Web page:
An analysis of one-year data showed that adverse events were similar to those seen in earlier trials of Lucentis. Common ocular adverse side effects that occurred more frequently in the Lucentis arms than in the control group were mild to moderate and included conjuctival hemorrhage, increased intraocular pressure, eye pain and vitreous floaters. Serious ocular adverse events that occurred more frequently in the Lucentis-treated arms were uncommon and included endophthalmitis and intraocular inflammation (each reported in less than 1 percent of patients per group). Among non-ocular serious adverse events, the frequency of cerebral vascular events was less than 1 percent of patients per group. The frequency of myocardial infarctions was slightly higher in patients treated with 0.5 mg of Lucentis (2.1 percent) than in the other two arms (0.7 percent).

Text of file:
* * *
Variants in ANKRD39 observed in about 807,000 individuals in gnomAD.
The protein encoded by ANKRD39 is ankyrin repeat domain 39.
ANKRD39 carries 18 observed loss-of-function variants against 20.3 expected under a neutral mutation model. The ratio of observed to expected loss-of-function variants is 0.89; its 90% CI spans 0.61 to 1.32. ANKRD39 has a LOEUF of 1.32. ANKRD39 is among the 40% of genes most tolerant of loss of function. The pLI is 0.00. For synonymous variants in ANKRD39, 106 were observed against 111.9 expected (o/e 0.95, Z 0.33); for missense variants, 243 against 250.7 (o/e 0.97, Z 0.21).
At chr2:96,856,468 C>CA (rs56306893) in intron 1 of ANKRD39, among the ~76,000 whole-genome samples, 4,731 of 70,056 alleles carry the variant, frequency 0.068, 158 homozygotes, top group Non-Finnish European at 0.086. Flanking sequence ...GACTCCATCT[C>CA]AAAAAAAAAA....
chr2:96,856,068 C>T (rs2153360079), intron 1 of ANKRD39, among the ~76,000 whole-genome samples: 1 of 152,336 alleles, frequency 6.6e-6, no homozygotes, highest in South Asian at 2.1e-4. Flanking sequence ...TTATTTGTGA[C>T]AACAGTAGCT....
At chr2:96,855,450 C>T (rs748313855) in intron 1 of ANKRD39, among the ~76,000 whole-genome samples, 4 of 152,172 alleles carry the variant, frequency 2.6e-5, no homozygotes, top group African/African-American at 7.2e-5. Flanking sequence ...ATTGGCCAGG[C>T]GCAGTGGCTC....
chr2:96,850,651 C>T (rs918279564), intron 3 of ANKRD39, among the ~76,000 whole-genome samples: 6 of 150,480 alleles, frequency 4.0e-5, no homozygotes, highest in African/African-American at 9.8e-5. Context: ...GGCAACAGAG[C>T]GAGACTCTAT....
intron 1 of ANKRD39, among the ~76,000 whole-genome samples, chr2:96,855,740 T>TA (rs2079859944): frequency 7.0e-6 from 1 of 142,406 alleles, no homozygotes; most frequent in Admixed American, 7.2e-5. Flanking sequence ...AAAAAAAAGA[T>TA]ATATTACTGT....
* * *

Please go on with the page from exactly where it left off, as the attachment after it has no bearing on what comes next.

The study is ongoing in the United States, Europe and Australia. Based on the one-year results, patients in the PDT-alone arm of the study were offered Lucentis for the remainder of the study.
In November 2005, Genentech began enrollment in a Phase IIIb study, SAILOR, to make Lucentis available to eligible patients. SAILOR (Safety Assessment of Intravitreal Lucentis fOR AMD) is a Phase IIIb clinical study of Lucentis for patients with all subtypes of new or recurrent active subfoveal wet AMD. The one-year study is designed to evaluate the safety of two different doses (0.3 mg and 0.5 mg) of Lucentis administered once a month for three months and thereafter as needed based on re-treatment criteria. The study will be conducted at more than 100 sites in the United States and will enroll up to 5,000 patients. Those interested in additional information about the study can call toll-free 1-888-662-6728.
AMD is a major cause of painless central visual loss and is the leading cause of blindness for people over the age of 60. The National Eye Institute estimates that there are 1.7 million people with AMD in the United States alone and that this prevalence will grow to 2.95 million by 2020. AMD occurs in two forms: dry and wet.